Bacteria has potential to clean up oil spills

Zia Lyle

Certain types of bacteria can assist in oil spill cleanups. 

A team at UT’s Marine Science Institute recently sequenced the DNA of bacteria present during the Deepwater Horizon oil spill in 2010. The researchers hope that this information will make oil spill cleanup agencies more conscientious of the natural forces in the water working to remove oil. 

Nina Dombrowski, postdoctoral researcher and lead author of a study detailing this work, said that the first step in learning more about these organisms was simply culturing and observing all the bacteria that were present during the Deepwater Horizon oil spill. 

  • “We went into the ocean, into the site when the spill happened, and sequenced the DNA of all the bacteria that was there and reconstructed genomes from that,” Dombrowski said. “We were really looking at the active community at that time and not only at individuals in isolation.”

Dombrowski said that different types of oil-consuming bacteria work together to clean up after the spill. 

“We believe that one bacteria completes the initial step and then the oil molecule continues to be broken down by other bacteria, basically like in a chain of events,” Dombrowski said. “You need a mixture of bacteria to deal with all these substances.”

Dombrowski said that because oil has a complex structure, not one single bacterium can degrade the whole oil molecule by itself. Each bacteria completes a process that resembles how humans’ digestive systems break down food.

“It is a very similar process to what we would call eating,” Dombrowski said. “Basically, the bacteria take in the oil components, break them down with enzymes and make them into much simpler compounds that they integrate into their metabolism.”

While most bacteria are not complex enough to break down oil, some can feed on it. 

Kiley Seitz, a graduate student researcher, observed the DNA sequences of the bacteria. She said the team looked at all the different types of bacteria through a general lens.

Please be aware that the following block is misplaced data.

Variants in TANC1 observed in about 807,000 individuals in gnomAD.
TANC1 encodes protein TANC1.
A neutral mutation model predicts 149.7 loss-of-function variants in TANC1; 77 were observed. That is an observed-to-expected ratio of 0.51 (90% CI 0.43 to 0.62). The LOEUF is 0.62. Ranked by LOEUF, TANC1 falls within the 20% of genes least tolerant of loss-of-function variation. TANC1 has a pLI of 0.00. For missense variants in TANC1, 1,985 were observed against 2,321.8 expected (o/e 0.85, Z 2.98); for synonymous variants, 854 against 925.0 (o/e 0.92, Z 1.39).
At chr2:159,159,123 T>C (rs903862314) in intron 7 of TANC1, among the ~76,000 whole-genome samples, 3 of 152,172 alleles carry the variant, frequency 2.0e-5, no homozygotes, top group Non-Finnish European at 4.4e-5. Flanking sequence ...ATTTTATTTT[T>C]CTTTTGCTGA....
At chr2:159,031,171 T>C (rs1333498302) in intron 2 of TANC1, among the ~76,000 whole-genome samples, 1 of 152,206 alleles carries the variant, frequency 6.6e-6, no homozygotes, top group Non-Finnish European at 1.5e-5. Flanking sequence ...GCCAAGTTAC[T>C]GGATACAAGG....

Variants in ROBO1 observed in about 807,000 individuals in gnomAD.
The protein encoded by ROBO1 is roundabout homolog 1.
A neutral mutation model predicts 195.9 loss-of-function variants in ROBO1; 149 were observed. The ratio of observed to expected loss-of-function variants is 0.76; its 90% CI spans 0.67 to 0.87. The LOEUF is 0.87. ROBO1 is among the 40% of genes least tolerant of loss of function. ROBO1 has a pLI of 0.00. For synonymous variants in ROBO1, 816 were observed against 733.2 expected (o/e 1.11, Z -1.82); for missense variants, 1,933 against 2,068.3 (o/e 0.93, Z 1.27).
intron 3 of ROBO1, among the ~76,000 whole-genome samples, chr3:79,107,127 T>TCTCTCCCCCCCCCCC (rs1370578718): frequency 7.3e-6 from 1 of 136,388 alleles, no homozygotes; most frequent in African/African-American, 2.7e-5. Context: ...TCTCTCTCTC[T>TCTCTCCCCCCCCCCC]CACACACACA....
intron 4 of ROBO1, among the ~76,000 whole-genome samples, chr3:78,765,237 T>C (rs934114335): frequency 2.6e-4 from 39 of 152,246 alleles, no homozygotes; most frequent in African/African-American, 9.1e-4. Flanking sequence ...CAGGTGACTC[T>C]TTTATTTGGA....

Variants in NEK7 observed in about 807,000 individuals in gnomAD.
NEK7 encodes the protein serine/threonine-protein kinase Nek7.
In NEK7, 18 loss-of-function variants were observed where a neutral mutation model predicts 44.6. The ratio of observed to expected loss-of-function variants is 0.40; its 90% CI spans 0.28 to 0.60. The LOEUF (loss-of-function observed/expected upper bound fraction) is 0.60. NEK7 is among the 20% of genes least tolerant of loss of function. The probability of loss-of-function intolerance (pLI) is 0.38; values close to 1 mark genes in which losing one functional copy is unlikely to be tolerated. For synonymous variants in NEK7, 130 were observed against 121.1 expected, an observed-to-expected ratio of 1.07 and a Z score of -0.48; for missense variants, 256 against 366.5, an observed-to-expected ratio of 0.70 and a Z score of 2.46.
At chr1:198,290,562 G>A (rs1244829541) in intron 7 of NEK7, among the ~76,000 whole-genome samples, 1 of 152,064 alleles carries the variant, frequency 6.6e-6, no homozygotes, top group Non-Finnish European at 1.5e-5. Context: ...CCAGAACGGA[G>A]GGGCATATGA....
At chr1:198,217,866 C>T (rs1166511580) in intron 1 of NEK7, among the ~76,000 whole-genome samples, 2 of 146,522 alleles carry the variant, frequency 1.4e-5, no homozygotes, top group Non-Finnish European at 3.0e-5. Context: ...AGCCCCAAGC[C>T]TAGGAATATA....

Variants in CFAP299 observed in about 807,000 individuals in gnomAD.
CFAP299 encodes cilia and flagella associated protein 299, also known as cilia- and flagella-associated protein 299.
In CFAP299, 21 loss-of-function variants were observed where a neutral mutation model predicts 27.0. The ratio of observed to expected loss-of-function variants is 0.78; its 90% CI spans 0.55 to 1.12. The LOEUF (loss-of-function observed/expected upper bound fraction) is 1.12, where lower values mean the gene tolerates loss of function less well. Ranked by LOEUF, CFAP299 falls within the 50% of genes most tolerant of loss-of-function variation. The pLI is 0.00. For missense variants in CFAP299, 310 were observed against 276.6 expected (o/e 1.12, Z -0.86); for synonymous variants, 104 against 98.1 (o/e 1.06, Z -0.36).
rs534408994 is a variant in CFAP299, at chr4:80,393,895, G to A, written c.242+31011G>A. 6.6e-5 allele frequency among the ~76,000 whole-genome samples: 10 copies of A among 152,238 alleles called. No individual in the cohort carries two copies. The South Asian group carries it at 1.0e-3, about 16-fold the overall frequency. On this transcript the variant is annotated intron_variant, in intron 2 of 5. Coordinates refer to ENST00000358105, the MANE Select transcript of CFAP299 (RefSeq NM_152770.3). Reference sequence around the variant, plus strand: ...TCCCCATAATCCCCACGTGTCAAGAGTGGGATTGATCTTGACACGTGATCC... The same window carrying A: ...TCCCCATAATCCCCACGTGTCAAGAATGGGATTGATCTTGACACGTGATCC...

“The sequences ended up revealing some bacteria that were known to already degrade oil,” Seitz said. “But, we were also able to see other pathways [to breaking down oil] that other studies hadn’t seen before.”

Dombrowski said that these specific types of oil-degrading bacteria are already located at the spill site, just in low numbers.

“In the Gulf you have natural oil seepage, or around one million barrels of oil coming into the Gulf naturally each year, which feeds this local community,” Dombrowski said. “This is why you have these specific bacteria there normally, but during the spill you have much higher concentrations.”

Seitz said that the number of these oil-munching bacteria grow during an oil spill because they naturally become more abundant when their food source becomes more abundant. 

Dombrowski and Seitz agreed that this current study can be used as a resource in determining what bacteria humans should be careful to protect when cleaning up after oil spills. Dombrowski said that the goal is to protect the parts of nature that are good at helping clean the oceans.

“I think this will have a positive effect on oil spills in the future,” Seitz said. “This information is good to know because if we can find a more natural way to remove oil spills, then we don’t have to worry about our efforts affecting the environment as well.”